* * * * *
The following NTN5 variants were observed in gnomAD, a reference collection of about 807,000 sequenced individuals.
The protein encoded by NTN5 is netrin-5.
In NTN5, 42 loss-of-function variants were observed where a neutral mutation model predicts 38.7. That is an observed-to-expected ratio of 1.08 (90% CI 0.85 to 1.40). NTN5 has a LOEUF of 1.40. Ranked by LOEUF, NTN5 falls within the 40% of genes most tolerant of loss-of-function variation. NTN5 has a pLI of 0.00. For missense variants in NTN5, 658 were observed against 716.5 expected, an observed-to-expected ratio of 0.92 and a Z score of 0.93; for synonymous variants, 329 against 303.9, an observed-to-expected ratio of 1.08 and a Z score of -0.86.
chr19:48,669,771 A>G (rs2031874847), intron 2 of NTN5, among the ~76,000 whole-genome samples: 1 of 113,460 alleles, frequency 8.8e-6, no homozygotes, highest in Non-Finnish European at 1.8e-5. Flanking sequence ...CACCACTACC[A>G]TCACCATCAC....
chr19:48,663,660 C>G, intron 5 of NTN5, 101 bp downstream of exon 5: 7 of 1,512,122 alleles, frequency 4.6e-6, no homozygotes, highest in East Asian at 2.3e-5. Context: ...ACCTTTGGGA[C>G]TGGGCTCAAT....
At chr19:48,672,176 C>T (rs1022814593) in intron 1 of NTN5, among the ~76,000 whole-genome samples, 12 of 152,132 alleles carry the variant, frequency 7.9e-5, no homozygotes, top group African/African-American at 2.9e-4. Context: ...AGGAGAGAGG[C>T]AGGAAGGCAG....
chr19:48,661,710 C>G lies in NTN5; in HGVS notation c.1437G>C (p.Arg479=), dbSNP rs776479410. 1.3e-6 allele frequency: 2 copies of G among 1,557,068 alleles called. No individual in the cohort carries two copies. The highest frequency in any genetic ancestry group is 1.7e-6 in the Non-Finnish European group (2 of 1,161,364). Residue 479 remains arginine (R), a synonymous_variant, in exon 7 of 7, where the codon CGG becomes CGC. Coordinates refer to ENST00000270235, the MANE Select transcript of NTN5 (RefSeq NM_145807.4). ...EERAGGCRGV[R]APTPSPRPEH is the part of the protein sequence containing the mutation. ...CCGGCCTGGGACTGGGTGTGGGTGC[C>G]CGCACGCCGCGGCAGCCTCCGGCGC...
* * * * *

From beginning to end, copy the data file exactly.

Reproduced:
The following NTN5 variants were observed in gnomAD, a reference collection of about 807,000 sequenced individuals.
The protein encoded by NTN5 is netrin-5.
In NTN5, 42 loss-of-function variants were observed where a neutral mutation model predicts 38.7. That is an observed-to-expected ratio of 1.08 (90% CI 0.85 to 1.40). NTN5 has a LOEUF of 1.40. Ranked by LOEUF, NTN5 falls within the 40% of genes most tolerant of loss-of-function variation. NTN5 has a pLI of 0.00. For missense variants in NTN5, 658 were observed against 716.5 expected, an observed-to-expected ratio of 0.92 and a Z score of 0.93; for synonymous variants, 329 against 303.9, an observed-to-expected ratio of 1.08 and a Z score of -0.86.
chr19:48,669,771 A>G (rs2031874847), intron 2 of NTN5, among the ~76,000 whole-genome samples: 1 of 113,460 alleles, frequency 8.8e-6, no homozygotes, highest in Non-Finnish European at 1.8e-5. Flanking sequence ...CACCACTACC[A>G]TCACCATCAC....
chr19:48,663,660 C>G, intron 5 of NTN5, 101 bp downstream of exon 5: 7 of 1,512,122 alleles, frequency 4.6e-6, no homozygotes, highest in East Asian at 2.3e-5. Context: ...ACCTTTGGGA[C>G]TGGGCTCAAT....
At chr19:48,672,176 C>T (rs1022814593) in intron 1 of NTN5, among the ~76,000 whole-genome samples, 12 of 152,132 alleles carry the variant, frequency 7.9e-5, no homozygotes, top group African/African-American at 2.9e-4. Context: ...AGGAGAGAGG[C>T]AGGAAGGCAG....
chr19:48,661,710 C>G lies in NTN5; in HGVS notation c.1437G>C (p.Arg479=), dbSNP rs776479410. 1.3e-6 allele frequency: 2 copies of G among 1,557,068 alleles called. No individual in the cohort carries two copies. The highest frequency in any genetic ancestry group is 1.7e-6 in the Non-Finnish European group (2 of 1,161,364). Residue 479 remains arginine (R), a synonymous_variant, in exon 7 of 7, where the codon CGG becomes CGC. Coordinates refer to ENST00000270235, the MANE Select transcript of NTN5 (RefSeq NM_145807.4). ...EERAGGCRGV[R]APTPSPRPEH is the part of the protein sequence containing the mutation. ...CCGGCCTGGGACTGGGTGTGGGTGC[C>G]CGCACGCCGCGGCAGCCTCCGGCGC...